Traditionally, a horse that is trained to be ridden or driven pulling a vehicle will be called broke. Many people don't like the term "broke" because it suggests training done by force or by breaking the horse’s spirit. When horses were rounded up off the range and "bucked out" by a rough rider who wanted to quickly make them useful, this might have been true. The bronc busters of yesteryear may have been motivated by the need to replace a horse quickly so that they could get back to working cattle.
Most trainers these days, however, know that it’s better to train horses well and it is acceptable to take the time to do that. The terms broke, breaking in, or breaking has stuck around regardless. Today, a broke horse is considered a horse that can be ridden or driven. There is no need to break a horse’s spirit by rough riding and handling. A well broke horse is one that is well trained and understands more than just the basics of "go" and "whoa" and there are many kinds of broke horses.
Unbroke means the horse has not yet been trained to carry a rider, pull a vehicle, behave well, or follow the directions of its trainer.
Saddle, Harness, and Halter Broke
A horse that is said to be broke to saddle or harness indicates what the horse has been trained for. Saddle breaking is training a horse to carry a rider, and harness breaking is training the horse to pull a vehicle.
Young horses or foals are often halter broke. This means they are trained to be accustomed to wearing a halter and will walk obediently on a lead rope beside the handler.
Dumb (Green) Broke
Dumb broke may mean the training has just started. A dumb broke horse may know to move forward when the rider uses simple leg aids and can stop and turn.
This may also be called green broke. Green is another term used in the horse world to indicate a horse or a rider that is just starting to learn their job. A green broke horse will know the basics, but there is still a lot of refinement that can be worked on until they are well broke.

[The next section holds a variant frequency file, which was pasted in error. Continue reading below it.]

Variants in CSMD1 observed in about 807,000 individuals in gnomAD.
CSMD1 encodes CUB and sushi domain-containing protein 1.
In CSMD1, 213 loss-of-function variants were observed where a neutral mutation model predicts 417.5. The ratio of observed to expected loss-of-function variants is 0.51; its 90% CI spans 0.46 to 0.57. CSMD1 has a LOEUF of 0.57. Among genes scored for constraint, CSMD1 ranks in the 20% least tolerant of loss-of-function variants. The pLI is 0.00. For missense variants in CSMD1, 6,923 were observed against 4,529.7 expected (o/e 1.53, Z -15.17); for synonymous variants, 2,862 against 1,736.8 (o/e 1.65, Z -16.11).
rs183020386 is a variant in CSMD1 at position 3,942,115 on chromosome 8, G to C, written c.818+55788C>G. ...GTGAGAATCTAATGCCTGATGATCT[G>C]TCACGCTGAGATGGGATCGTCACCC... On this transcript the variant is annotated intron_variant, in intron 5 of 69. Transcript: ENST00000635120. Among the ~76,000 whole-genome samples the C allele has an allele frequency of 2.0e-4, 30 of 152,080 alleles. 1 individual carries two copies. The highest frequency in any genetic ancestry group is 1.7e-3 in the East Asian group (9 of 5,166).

Well Broke and Broke to Death
Well broke may mean the horse is well-trained and can be relied on to perform reliably and safely. They’ll understand leg and seat aids, be sensitive to the reins, know how to pick up the correct leads at a lope or canter, and the transitions between gaits will be smooth. They may respond to leg aids to move sideways and know how to do a rein back. In different situations—such as at shows or on the trail—the horse will be quiet, obedient, and will not be spooked easily.
Some people may also say a horse is broke to death. It sounds awful, but it usually means a horse is well trained, quiet and is a safe ride for almost anyone.
There are lots of opinions about the differences between well broke and well trained. So, if you’re buying a horse advertised to be well broke, it’s best to have the seller explain exactly what that means, see the horse ridden, and perhaps ride it yourself to find out if the horse is suitable for you. One person's broke horse can be another person's barely rideable horse.